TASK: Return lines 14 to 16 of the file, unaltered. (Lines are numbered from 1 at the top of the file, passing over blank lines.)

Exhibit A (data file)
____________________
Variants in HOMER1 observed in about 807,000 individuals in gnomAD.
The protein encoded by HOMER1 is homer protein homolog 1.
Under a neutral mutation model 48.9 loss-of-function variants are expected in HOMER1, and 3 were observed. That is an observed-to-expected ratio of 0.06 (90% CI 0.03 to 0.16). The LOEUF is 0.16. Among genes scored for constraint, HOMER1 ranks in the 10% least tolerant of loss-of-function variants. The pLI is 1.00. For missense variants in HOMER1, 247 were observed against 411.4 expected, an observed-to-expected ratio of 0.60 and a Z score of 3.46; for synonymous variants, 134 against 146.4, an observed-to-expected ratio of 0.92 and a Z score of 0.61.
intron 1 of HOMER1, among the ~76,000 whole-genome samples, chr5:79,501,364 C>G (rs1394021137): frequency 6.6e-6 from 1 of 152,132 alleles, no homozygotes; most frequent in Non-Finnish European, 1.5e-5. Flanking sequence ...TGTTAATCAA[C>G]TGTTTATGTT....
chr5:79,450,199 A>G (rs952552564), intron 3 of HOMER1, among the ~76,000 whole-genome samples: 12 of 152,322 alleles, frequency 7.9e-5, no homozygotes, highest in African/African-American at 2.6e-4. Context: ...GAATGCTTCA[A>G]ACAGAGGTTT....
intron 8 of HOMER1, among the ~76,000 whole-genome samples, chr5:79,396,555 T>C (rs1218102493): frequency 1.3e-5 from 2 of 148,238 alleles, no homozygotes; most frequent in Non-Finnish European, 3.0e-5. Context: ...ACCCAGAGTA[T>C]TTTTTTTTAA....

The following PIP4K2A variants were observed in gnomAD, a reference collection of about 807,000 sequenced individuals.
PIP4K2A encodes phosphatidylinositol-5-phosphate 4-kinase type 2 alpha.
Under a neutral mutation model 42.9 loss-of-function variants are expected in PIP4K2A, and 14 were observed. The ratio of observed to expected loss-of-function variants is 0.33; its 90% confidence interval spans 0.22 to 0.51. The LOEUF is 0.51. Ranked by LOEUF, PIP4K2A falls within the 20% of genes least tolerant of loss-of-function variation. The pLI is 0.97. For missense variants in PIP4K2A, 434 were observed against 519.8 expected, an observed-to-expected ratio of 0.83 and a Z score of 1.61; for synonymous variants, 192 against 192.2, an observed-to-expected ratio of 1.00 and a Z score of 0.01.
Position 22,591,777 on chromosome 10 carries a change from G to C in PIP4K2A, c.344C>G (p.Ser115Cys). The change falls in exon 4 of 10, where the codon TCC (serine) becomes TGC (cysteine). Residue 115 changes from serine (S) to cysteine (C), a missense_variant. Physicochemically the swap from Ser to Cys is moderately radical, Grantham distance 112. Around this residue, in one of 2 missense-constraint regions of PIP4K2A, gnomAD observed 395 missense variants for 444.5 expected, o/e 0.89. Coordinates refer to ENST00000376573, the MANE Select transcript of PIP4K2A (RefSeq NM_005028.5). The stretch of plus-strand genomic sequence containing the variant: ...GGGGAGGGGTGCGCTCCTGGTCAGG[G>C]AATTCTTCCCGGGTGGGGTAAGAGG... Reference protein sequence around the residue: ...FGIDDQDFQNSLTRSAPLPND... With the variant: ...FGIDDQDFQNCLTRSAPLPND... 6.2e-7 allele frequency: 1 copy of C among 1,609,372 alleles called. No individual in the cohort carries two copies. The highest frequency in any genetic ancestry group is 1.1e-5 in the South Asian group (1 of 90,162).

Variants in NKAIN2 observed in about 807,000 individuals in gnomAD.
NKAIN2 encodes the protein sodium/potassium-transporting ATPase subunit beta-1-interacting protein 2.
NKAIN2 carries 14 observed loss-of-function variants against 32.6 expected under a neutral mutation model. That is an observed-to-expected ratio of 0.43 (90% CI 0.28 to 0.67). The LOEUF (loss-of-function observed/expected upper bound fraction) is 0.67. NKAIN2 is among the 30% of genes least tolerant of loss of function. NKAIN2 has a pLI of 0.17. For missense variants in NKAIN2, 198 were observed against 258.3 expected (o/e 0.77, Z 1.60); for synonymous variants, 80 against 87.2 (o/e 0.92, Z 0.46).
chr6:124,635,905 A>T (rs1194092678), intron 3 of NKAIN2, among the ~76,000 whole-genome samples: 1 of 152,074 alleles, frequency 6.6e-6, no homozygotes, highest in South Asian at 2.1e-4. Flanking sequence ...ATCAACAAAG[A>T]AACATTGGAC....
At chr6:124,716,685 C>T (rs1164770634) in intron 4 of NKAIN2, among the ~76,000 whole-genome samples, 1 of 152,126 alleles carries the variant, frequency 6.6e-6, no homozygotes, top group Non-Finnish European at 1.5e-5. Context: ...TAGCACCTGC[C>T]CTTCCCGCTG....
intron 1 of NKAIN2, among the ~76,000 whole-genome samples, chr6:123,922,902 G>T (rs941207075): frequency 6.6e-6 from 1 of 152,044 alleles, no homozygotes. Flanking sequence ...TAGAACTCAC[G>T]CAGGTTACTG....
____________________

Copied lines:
chr6:124,635,905 A>T (rs1194092678), intron 3 of NKAIN2, among the ~76,000 whole-genome samples: 1 of 152,074 alleles, frequency 6.6e-6, no homozygotes, highest in South Asian at 2.1e-4. Flanking sequence ...ATCAACAAAG[A>T]AACATTGGAC....
At chr6:124,716,685 C>T (rs1164770634) in intron 4 of NKAIN2, among the ~76,000 whole-genome samples, 1 of 152,126 alleles carries the variant, frequency 6.6e-6, no homozygotes, top group Non-Finnish European at 1.5e-5. Context: ...TAGCACCTGC[C>T]CTTCCCGCTG....
intron 1 of NKAIN2, among the ~76,000 whole-genome samples, chr6:123,922,902 G>T (rs941207075): frequency 6.6e-6 from 1 of 152,044 alleles, no homozygotes. Flanking sequence ...TAGAACTCAC[G>T]CAGGTTACTG....